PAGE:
Where to begin? I feel angry, confused, disappointed, frustrated, but mostly I feel sad. Sad for the players who are on the team now, sad for those who played for State from 1998 through last year, and sad for Jerry Sandusky’s victims, who at this point must be wishing that this whole thing would go away, allowing them to have their day in court and then move on. Which brings up the question that I alluded to yesterday: what DO the victims think of all this? What do they think should be done with the statue? How should Joe Paterno be remembered? What punishment should Penn State endure? There’s a story that some enterprising journalist should be pursuing right now.
For myself, I’m left with ambivalent feelings about Paterno. His positive impact on thousands of lives has been noted again and again. His monetary contributions to the University are unequaled by any coach in history. His “common man” touch – from walking to practice (something he hasn’t done in years, BTW) to living in perhaps the most modest house of any Division I coach in the country – have been well documented.
But I am not a member of the JoePa cult. He was beloved by many, especially his ex-players. But the man had flaws, and they became more pronounced in his later years. His us-against-them mentality toward the media, the fans and, it turns out, the administration, became his biggest fault and his ultimate downfall. He was nasty and short-tempered in many of his public utterances, and I began to feel several years ago that he was hurting Penn State’s image and that he should retire. Besides, he was no longer, in my opinion, a top echelon coach or recruiter. Society – not so much the game itself – had passed him by. He had no knowledge of social media and little understanding of contemporary society, even though he was an extremely intelligent man. He could have retired and become an ambassador for the University, gathering accolades for himself and the institution, and maybe picking up a few four-star recruits along the way. But he could never let go of the reins.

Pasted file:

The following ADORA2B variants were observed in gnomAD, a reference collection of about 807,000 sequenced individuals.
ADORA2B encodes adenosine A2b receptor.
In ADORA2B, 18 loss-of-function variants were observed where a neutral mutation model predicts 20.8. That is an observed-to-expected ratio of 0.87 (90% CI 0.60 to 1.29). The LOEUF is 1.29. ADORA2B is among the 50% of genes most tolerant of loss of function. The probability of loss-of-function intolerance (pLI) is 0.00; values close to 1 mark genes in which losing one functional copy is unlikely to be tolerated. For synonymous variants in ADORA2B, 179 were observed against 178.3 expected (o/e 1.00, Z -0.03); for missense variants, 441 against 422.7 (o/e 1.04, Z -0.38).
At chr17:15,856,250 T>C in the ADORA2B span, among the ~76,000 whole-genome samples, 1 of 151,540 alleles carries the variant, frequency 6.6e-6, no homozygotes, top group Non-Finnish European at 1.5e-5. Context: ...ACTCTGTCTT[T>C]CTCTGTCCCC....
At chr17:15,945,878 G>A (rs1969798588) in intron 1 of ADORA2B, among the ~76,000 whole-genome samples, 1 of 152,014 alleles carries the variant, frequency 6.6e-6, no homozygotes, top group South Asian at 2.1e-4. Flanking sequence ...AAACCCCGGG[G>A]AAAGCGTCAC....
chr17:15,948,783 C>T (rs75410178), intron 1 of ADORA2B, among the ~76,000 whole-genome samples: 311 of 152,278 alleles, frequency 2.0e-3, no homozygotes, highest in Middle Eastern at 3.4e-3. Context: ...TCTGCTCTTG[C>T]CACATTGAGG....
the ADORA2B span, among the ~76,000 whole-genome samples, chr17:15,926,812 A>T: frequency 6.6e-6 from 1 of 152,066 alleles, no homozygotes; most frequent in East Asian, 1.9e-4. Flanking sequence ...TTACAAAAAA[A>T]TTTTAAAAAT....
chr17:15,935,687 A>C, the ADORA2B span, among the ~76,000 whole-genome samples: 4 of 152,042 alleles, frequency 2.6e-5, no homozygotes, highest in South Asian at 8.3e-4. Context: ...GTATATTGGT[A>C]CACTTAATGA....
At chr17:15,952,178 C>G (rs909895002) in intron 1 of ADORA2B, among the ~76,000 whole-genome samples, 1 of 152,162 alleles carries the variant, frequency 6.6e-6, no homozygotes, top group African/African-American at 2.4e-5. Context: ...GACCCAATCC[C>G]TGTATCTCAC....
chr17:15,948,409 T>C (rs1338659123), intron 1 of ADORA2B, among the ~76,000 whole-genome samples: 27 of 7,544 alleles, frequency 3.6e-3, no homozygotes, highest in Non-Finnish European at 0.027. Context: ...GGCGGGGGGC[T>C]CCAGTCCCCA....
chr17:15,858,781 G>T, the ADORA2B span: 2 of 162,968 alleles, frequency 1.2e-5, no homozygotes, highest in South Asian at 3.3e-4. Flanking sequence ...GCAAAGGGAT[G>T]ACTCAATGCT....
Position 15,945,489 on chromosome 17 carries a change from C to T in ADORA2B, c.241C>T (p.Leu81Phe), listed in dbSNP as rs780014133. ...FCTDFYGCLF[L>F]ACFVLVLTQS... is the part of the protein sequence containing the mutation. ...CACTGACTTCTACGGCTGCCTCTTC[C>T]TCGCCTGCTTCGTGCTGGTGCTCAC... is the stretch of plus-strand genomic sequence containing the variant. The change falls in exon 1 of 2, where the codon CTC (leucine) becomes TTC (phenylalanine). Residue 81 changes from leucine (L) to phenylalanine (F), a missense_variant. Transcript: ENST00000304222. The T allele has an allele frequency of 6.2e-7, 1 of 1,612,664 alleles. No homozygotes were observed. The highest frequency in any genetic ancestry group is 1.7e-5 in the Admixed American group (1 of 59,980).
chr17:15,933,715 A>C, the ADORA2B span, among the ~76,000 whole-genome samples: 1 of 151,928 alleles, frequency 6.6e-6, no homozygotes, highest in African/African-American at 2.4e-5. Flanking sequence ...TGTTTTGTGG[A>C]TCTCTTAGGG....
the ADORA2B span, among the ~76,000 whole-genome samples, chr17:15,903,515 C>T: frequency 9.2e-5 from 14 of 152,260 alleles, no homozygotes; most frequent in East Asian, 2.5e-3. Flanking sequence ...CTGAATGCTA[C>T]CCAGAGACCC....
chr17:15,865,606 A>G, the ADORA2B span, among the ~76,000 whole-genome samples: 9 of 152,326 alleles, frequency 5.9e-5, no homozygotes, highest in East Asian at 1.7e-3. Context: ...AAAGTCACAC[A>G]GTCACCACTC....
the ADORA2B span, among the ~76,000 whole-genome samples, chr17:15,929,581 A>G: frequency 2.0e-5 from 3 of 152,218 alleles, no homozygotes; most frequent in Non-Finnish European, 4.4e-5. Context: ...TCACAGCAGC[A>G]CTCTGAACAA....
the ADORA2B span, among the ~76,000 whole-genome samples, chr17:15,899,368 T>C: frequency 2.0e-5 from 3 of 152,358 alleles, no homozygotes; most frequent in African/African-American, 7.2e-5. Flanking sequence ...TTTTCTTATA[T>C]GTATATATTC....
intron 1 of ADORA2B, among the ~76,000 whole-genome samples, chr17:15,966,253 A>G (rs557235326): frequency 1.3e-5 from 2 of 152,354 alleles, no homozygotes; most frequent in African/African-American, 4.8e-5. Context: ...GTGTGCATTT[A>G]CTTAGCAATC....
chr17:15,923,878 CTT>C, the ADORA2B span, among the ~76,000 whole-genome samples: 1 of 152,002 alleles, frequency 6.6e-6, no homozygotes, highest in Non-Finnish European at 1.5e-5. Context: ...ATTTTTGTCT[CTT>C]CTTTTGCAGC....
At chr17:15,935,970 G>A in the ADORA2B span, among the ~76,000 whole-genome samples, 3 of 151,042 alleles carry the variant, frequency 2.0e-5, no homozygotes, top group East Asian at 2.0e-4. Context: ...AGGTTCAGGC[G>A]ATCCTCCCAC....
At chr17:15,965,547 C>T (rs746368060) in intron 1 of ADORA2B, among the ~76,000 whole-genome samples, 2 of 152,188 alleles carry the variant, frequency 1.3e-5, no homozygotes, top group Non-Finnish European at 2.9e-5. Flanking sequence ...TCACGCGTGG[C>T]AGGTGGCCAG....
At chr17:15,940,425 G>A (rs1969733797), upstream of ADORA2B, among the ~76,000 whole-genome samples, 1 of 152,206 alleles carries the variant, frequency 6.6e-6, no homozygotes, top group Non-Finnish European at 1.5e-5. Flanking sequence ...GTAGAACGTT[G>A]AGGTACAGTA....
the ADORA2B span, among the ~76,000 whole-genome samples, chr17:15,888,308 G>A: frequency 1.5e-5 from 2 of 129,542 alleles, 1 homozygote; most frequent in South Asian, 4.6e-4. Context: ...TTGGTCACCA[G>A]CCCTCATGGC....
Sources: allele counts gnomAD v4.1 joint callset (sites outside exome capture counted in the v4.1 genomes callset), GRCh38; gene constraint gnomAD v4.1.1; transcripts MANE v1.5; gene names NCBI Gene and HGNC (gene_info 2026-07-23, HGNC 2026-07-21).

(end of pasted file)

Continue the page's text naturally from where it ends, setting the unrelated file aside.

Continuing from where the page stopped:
That said, the NCAA sanctions were too severe, in my opinion. Aside from the players, past and present, the other victims of these rulings are all of Central Pennsylvania and the businesses located there. The economic and social impact of this is incalculable (well, not entirely; the $60 million fine is equal to one season’s income from the football program). Jobs will be lost, stores will be closed, and educational opportunities will be cut off. The sanctions will have a disastrous effect for years to come.
As for the football program, it probably won’t recover during my lifetime. Expect a mostly slow, white squad that is equivalent to a Division II program. In fact, I have four years of athletic eligibility left, and I’m thinking I may be able to catch on as a linebacker at my alma mater. I have confidence that Bill O'Brien is up to the task for restoring the Blue and White to national prominence, but he will have to be patient. And so will Nittany Nation.
Speaking of Nittany Nation, expect a backlash from alumni in the form of financial support and attendance at games. I expect a sold-out Beaver Stadium at every game this year, and I expect a depleted squad to play above their heads most of the year. Wouldn’t it be great if they qualified for the Big 10 championship game, even though they can’t play in it.
In the meantime, I hope the Sandusky’s victims are healing.